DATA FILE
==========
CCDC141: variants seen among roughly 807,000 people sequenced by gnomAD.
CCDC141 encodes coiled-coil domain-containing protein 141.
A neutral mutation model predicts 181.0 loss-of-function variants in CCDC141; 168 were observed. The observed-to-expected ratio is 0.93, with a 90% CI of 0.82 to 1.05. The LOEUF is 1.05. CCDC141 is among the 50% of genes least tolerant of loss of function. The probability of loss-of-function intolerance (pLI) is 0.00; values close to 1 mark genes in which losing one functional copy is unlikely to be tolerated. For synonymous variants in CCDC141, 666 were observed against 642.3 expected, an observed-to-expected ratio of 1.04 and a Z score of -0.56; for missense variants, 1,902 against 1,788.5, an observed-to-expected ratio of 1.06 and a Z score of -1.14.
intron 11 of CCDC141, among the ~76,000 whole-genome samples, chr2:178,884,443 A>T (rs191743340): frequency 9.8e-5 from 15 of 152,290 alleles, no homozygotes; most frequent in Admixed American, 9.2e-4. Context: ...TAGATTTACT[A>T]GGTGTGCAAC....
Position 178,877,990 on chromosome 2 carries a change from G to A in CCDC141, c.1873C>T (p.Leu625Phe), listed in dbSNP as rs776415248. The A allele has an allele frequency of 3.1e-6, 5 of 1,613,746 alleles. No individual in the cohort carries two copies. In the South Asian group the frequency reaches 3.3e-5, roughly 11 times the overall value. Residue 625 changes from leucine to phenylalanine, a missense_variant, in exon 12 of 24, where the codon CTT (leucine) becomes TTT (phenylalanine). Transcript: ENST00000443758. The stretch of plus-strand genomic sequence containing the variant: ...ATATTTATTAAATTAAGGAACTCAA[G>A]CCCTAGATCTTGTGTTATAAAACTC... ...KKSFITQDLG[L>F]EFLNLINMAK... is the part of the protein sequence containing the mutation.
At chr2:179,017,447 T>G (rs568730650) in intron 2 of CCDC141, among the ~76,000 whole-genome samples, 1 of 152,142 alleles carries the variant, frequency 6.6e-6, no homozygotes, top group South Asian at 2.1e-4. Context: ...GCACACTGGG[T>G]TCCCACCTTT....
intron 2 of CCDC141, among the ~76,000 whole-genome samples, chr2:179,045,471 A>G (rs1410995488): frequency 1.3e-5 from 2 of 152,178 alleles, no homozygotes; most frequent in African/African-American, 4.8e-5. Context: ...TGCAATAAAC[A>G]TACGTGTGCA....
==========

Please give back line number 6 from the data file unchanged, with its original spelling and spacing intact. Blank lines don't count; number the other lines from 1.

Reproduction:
At chr2:179,017,447 T>G (rs568730650) in intron 2 of CCDC141, among the ~76,000 whole-genome samples, 1 of 152,142 alleles carries the variant, frequency 6.6e-6, no homozygotes, top group South Asian at 2.1e-4. Context: ...GCACACTGGG[T>G]TCCCACCTTT....